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  • Nusa Farič
  • Eleanor Yorke
  • laura Varnes
  • Katie Newby
  • henry potts
  • Lee Smith
  • Adrian Hon
  • Andrew Steptoe
  • Abi Fisher
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Original languageEnglish
Article numbere11960
Pages (from-to)1-9
Number of pages9
JournalJMIR Serious Games
Volume7
Issue2
DOIs
Publication statusPublished - 17 Jun 2019

Abstract

Background: Novel strategies to promote physical activity (PA) in adolescence are required. The vEngage study aims to test whether a virtual reality (VR) exergaming intervention can engage younger adolescents (aged 13 to 15 years) with PA. Objective: This study aimed to gather adolescents’ views of using VR to encourage PA and identify the key features they would like to see in a VR exergaming intervention via interviews. Methods: Participants were recruited through 2 schools in London, United Kingdom. Semistructured interviews were conducted with adolescents about their views on PA and what might work to increase PA, technology, knowledge and experience of VR, and desired features in a VR exergaming intervention. Data were analyzed using Framework Analysis. Results: A total of 31 participants aged between 13 and 15 years (58% female, 62% from nonwhite ethnicities) participated in this interview study. The vast majority had no awareness of government PA recommendations but felt they should be more thoroughly informed. All participants were positive about the use of VR in PA promotion. Rewards, increasing challenges, and a social or multiplayer aspect were identified by participants as crucial aspects to include in a VR exercise game. Barriers were related to cost of high-end systems. Being able to exercise at home was very appealing. VR exergaming was viewed as a way to overcome multiple perceived social and cultural barriers to PA, particularly for girls. Conclusions: Key elements that should be incorporated into a VR game for health intervention were identified and described. These also included the use of rewards, novelty and enjoyment in immersive game play, multiplayer options, and real-world elements, as well as continual updates and new challenge levels. The use of VR to promote PA in adolescents is promising, but some barriers were raised.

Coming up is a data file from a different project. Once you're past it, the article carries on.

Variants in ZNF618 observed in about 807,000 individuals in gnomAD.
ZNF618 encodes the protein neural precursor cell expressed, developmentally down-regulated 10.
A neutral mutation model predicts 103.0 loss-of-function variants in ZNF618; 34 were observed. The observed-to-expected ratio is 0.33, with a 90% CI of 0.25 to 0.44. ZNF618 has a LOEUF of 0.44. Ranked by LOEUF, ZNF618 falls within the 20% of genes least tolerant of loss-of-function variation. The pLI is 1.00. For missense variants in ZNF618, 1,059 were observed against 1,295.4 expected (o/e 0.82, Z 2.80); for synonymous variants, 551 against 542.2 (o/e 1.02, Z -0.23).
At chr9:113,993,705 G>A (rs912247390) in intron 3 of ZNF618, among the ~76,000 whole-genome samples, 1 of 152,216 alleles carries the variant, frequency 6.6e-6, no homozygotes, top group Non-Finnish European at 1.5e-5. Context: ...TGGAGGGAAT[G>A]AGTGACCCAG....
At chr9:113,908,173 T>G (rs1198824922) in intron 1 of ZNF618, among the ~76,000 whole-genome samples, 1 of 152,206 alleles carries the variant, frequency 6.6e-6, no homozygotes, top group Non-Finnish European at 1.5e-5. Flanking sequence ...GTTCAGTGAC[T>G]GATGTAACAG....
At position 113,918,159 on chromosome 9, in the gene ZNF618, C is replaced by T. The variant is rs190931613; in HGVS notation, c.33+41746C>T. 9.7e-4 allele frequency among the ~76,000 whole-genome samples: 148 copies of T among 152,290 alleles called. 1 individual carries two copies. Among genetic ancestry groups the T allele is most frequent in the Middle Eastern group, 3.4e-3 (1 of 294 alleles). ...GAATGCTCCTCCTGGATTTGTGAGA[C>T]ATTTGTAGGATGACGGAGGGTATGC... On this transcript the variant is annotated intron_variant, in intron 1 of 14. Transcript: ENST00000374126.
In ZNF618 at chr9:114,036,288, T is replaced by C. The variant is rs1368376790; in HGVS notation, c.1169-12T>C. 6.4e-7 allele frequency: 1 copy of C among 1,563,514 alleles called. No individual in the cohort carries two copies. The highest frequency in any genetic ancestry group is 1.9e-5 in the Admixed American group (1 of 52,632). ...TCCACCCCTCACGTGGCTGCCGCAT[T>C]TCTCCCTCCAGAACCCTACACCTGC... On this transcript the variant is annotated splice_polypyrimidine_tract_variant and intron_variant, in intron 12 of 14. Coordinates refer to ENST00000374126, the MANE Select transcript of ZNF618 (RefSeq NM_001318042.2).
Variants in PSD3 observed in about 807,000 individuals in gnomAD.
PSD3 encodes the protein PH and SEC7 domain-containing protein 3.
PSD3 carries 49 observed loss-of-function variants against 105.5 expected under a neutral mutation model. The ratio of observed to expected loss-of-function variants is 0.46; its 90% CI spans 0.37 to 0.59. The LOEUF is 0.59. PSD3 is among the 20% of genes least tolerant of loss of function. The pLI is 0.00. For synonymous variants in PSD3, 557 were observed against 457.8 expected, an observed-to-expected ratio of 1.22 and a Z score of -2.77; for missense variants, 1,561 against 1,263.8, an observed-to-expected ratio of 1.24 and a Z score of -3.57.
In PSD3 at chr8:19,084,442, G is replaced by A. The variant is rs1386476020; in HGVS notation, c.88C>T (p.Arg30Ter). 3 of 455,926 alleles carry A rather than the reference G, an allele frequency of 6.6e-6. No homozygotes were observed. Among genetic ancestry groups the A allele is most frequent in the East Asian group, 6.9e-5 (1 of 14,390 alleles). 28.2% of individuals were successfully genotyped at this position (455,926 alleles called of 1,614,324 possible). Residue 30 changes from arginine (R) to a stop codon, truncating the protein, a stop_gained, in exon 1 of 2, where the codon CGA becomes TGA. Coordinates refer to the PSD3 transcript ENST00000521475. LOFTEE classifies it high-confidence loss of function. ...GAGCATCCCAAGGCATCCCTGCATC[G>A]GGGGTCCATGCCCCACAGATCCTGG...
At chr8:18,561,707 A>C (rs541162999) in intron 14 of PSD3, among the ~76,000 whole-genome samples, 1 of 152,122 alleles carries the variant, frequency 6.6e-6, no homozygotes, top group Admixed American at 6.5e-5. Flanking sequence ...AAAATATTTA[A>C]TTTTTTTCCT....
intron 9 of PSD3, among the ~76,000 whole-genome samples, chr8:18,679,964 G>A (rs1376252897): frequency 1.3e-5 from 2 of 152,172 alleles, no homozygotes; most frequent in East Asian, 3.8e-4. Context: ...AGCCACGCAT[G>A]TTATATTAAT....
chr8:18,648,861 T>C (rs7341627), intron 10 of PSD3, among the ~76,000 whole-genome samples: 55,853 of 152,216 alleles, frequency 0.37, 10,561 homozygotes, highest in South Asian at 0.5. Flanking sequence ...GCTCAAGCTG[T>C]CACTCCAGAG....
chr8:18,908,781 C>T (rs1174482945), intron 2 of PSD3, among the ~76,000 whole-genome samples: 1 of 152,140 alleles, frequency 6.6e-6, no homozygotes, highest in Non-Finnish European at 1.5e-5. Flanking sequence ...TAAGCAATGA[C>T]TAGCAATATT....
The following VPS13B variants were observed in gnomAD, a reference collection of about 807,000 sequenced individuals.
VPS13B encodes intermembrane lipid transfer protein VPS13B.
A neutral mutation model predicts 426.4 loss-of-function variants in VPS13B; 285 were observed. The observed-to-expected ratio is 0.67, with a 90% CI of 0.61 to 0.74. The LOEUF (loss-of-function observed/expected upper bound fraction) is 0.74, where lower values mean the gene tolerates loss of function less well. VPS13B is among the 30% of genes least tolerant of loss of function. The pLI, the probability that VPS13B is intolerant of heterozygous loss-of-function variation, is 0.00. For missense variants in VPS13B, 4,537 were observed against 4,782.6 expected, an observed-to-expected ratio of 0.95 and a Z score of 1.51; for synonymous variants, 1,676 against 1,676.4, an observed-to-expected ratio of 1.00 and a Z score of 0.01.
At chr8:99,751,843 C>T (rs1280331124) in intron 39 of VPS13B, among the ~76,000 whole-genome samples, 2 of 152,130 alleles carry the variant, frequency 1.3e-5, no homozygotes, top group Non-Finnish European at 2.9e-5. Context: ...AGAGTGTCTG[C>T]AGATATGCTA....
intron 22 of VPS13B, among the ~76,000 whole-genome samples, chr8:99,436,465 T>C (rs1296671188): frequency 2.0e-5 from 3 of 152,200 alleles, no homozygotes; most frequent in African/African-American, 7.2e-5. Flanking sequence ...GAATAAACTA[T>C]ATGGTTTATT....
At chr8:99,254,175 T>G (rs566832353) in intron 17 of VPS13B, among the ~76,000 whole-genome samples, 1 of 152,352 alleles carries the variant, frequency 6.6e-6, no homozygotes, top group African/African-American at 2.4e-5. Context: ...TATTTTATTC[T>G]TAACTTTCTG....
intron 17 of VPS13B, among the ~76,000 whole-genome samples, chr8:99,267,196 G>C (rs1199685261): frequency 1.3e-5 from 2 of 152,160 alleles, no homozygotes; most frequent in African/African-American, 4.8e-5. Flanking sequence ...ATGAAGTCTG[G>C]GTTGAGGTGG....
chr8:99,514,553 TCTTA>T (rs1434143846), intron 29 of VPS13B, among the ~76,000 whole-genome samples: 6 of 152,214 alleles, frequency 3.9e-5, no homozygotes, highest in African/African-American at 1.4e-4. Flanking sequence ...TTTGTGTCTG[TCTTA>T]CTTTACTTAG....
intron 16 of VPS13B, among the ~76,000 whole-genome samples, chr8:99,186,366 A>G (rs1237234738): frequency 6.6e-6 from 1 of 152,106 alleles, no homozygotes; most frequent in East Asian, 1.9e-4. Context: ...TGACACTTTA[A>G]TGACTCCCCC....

Notes

© Nuša Farič, Eleanor Yorke, Laura Varnes, Katie Newby, Henry WW Potts, Lee Smith, Adrian Hon, Andrew Steptoe, Abigail Fisher. Originally published in JMIR Serious Games (http://games.jmir.org), 17.06.2019. This is an open-access article distributed under the terms of the Creative Commons Attribution License (https://creativecommons.org/licenses/by/4.0/), which permits unrestricted use, distribution, and reproduction in any medium, provided the original work, first published in JMIR Serious Games, is properly cited. The complete bibliographic information, a link to the original publication on http://games.jmir.org, as well as this copyright and license information must be included.

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